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Data from: Evolution of turbulent boundary conditions on the surface of large barchan dunes: anomalies in aerodynamic roughness and shear velocity, aeolian thresholds and the role of dune skewness

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This collection contains supporting information for M. Y. Louge, A. Valance, J. Fang, S. Harnett, F. Porte-Agel, P. Chasle, Evolution of turbulent boundary conditions on the surface of large barchan dunes: anomalies in aerodynamic roughness and shear velocity, aeolian thresholds and the role of dune skewness, J. Geophys. Res. Earth Surface (2023). It consists of one .xlsx Excel workbook and six .csv worksheets, with contents summarized in the readme.txt file. Wind friction is the engine that erodes sand dunes, relentlessly pushing them over roads, houses and infrastructure. Our records of wind speed on crescent-shaped mobile dunes challenge conventional understanding of this process. Using field measurements and models, we show that the highest friction occurs where the gentle upward dune surface abruptly gives way to a steeper avalanching downward slope. Our data also reveals that the `aerodynamic roughness', a measure of wind friction on sand, contradicts existing models based on historical data for turbulent pipe flow. Because numerical simulations are used to predict flow over landforms that are inaccessible to detailed measurements, we validate them against data on a large dune. Our observations imply that, to achieve greater fidelity, simulations should subdivide the fluid neighborhood of the dune more finely, and revisit how they treat aerodynamic friction on its surface. Although our work involved large desert dunes, we expect these suggestions to apply more broadly to atmospheric, fluvial or submarine landforms that are surrounded by rougher terrain or that feature sudden changes in slope.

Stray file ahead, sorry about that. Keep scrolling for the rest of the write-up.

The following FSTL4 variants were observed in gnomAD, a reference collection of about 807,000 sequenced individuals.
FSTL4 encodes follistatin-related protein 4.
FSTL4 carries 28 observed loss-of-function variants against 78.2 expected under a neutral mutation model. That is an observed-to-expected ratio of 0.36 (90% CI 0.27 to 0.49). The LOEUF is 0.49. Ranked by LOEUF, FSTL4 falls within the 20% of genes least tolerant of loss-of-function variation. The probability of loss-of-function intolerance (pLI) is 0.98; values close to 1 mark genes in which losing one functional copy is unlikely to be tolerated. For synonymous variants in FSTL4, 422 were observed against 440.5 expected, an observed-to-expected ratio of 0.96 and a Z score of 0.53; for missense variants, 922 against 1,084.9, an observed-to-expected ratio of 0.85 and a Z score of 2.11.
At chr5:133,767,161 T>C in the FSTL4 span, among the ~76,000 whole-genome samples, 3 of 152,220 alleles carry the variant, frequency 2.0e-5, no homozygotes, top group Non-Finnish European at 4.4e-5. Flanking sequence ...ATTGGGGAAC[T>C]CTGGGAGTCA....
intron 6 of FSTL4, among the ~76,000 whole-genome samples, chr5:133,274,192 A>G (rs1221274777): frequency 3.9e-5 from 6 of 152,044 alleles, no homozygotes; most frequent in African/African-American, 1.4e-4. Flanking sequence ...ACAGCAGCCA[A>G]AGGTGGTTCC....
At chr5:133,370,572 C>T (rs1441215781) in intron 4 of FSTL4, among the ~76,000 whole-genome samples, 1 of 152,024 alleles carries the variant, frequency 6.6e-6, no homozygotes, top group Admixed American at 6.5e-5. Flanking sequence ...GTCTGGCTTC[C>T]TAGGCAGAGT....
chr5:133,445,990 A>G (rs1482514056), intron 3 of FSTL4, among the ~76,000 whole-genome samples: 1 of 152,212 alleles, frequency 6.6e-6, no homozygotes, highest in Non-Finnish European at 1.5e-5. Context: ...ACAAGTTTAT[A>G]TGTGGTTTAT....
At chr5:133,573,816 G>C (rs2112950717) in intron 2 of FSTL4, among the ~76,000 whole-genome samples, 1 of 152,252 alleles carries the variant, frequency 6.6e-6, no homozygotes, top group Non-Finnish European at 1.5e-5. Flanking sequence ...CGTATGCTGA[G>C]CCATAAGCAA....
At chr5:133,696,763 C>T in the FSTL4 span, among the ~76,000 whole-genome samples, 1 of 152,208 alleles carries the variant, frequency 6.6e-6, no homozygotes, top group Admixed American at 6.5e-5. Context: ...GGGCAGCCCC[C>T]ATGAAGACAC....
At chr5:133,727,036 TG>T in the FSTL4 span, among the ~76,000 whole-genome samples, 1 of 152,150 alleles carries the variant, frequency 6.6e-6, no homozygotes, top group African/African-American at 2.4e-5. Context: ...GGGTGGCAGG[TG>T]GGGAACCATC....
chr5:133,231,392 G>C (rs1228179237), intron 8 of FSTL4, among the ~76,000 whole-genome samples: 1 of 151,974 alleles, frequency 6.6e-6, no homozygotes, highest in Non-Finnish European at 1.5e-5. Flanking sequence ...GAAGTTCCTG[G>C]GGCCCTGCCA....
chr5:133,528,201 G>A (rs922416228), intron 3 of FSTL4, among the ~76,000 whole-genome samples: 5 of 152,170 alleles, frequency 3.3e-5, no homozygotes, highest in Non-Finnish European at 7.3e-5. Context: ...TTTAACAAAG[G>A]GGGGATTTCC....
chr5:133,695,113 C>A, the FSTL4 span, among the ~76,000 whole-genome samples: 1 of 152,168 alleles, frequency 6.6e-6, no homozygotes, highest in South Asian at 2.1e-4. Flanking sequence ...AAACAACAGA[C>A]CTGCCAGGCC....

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This collection was made possible by the support of NPRP grants 09-546-2-206 and 6-059-2-023 from the Qatar National Research Fund, and by a Qatar Foundation Research Excellence Award. It was supported in part by the National Science Foundation under Grant No. NSF PHY-1748958, which allowed MYL and AV to attend a program at the Kavli Institute for Theoretical Physics, and by the ISblue project, Interdisciplinary Graduate School for the Blue Planet (ANR-17-EURE-0015) that fostered related discussions on dune modeling. AV acknowledges the support of the French Research National Agency through project ANR-21-CE30-0066.

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2023-12-12

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desertification; erosion; turbulence; hyper-arid mobile dune; anemometry

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Government Document

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CC0 1.0 Universal

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